Spread Your Wings and Take Fright

Oct 20, 2011 by     No Comments    Posted under: lit

I’ve been putting the finishing touches on my Halloween costume over the past three months, and I can tell you now that it is going to be nothing short of majestic. I spent most of the winter researching my options, and after lots of careful consideration, I decided to go with my favorite flying insect, the monarch butterfly.

Now before you say anything, I know exactly what you’re thinking: it doesn’t make sense to see a monarch in October because they would have already completed their migration to Mexico. But, have a little imagination, please! I too take lepidopterology very seriously, but there’s no reason to be a stickler when it’s going to ruin a great idea like this.

I know most people are going to dress up like werewolves or vampires or something scary like that, but in my opinion, the monarch is pretty bad-a itself. Its bright colors aren’t just for attracting a mate, they also serve as a clear warning sign to the rest of the world. The monarch is mildly poisonous if eaten, so potential predators better think twice before picking a fight with this butterfly, or they could end up with a pretty nasty stomach ache, or at least a bad taste in their mouth.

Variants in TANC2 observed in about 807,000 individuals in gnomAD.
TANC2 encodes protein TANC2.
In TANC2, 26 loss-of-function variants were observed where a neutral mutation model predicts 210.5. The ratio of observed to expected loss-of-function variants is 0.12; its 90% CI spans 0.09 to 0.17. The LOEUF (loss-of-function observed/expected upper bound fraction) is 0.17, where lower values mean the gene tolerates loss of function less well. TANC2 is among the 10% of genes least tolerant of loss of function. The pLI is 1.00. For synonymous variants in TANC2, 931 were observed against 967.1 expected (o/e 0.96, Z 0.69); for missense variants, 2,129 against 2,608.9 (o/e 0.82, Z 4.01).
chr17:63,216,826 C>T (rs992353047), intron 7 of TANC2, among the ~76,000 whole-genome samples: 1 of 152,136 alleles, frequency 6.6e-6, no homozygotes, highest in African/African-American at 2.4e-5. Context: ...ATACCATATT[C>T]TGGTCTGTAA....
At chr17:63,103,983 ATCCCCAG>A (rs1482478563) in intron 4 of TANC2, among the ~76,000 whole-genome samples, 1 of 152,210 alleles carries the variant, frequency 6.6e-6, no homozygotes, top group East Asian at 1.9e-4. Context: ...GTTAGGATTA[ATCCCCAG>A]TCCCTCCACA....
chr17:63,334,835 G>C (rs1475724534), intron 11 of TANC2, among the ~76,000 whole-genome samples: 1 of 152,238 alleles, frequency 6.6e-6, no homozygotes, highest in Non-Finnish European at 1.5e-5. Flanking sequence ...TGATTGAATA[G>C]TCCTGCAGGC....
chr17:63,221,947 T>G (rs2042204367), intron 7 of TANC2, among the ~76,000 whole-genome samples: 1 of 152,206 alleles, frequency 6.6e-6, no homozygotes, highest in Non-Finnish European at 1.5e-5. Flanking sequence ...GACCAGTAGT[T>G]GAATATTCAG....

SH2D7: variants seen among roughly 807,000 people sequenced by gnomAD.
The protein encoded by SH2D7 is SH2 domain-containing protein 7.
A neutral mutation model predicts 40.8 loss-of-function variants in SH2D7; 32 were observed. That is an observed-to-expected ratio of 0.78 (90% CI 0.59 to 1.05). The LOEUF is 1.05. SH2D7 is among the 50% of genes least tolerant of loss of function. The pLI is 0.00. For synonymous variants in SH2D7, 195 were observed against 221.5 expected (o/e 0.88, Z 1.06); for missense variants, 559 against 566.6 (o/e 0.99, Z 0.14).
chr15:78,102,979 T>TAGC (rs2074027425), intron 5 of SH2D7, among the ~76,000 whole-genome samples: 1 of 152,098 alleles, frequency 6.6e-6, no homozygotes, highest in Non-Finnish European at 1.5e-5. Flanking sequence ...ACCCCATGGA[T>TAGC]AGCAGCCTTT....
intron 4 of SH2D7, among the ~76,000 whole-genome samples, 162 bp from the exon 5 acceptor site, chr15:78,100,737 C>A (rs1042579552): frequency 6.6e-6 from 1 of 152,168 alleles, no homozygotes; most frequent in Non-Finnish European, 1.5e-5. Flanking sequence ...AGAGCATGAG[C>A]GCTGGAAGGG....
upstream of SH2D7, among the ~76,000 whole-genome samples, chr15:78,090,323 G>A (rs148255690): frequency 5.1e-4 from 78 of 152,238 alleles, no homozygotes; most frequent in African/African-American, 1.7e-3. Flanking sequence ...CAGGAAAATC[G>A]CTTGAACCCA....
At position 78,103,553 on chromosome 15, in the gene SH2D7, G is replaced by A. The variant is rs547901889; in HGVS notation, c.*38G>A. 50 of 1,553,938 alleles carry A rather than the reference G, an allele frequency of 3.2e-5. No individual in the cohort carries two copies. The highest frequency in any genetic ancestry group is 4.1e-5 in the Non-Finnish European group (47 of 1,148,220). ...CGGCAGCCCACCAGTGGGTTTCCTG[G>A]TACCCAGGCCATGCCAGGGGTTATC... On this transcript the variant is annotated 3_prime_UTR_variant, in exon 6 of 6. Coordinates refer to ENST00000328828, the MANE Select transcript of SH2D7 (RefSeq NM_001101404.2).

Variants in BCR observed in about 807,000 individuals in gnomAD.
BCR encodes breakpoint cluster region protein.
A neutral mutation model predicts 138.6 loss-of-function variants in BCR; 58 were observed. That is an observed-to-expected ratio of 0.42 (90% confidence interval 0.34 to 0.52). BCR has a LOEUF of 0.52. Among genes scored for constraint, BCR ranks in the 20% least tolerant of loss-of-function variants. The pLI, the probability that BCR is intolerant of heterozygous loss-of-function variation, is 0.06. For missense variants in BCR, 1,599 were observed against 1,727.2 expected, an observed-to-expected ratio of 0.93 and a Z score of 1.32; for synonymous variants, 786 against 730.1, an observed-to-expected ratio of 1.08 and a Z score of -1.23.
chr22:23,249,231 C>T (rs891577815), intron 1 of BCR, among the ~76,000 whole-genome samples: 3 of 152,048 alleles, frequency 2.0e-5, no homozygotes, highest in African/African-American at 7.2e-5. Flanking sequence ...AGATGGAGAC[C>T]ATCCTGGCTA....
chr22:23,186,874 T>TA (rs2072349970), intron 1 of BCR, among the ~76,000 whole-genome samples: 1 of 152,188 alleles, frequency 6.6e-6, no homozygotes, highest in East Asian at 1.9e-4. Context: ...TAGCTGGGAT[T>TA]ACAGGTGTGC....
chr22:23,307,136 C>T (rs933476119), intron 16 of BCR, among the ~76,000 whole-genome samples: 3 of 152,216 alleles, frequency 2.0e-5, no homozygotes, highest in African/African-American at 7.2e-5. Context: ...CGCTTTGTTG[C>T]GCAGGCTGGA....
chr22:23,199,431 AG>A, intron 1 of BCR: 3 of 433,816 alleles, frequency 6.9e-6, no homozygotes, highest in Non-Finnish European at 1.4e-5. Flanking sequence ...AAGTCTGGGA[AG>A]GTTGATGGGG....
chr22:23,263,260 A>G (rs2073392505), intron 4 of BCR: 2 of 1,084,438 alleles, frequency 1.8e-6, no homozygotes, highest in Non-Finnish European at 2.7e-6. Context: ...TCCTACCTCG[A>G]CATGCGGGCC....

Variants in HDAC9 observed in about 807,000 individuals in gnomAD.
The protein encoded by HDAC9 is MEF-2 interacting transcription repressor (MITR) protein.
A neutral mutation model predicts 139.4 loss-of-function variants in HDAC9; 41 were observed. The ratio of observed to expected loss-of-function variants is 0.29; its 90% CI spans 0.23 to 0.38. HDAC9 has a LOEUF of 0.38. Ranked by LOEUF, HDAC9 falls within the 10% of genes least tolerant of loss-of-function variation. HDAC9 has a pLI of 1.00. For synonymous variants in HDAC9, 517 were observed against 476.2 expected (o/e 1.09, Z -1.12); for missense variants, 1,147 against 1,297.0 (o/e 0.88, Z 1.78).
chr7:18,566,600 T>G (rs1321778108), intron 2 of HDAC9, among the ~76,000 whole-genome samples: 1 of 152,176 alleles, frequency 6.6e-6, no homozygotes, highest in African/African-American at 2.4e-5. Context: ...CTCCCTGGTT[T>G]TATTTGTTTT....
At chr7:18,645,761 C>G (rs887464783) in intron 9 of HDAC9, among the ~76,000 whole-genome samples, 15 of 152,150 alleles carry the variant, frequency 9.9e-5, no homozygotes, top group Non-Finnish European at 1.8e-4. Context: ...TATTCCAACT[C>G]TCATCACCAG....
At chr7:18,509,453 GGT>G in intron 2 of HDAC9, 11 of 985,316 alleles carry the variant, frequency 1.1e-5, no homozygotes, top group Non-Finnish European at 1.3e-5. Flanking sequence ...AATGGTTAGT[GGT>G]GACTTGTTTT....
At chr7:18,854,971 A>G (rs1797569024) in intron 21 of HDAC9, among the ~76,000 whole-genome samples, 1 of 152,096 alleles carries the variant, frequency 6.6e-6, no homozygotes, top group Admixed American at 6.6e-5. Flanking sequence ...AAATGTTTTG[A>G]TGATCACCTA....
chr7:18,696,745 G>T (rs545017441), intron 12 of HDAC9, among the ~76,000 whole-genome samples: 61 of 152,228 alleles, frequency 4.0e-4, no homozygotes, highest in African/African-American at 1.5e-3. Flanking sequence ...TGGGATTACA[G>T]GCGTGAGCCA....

The other day, I put on my costume and jogged around the neighborhood for a couple of hours to check the structural stability of my wing harness. When I stopped briefly to make an adjustment, my neighbor Steve yelled out, “Hey Tinkerbell, you look like a girl.” He nicknamed me Tinkerbell years ago, so that was just a coincidence, but I am keeping his constructive criticism in mind. The male and the female monarch butterflies do look very similar, and Steve must not have noticed the androconia on my hind wings, which clearly denote the male. I’ll have to make them a bit larger so nobody makes that mistake again.

After all, Halloween is a great night for meeting ladies, and I wouldn’t want to send any of the wrong signals. Did you know the average lifespan of a monarch butterfly is only two to eight weeks? This could be my last night on Earth… With that pick up line and my pheromone emitting glands, the women this Halloween don’t stand a chance.

-Cecil

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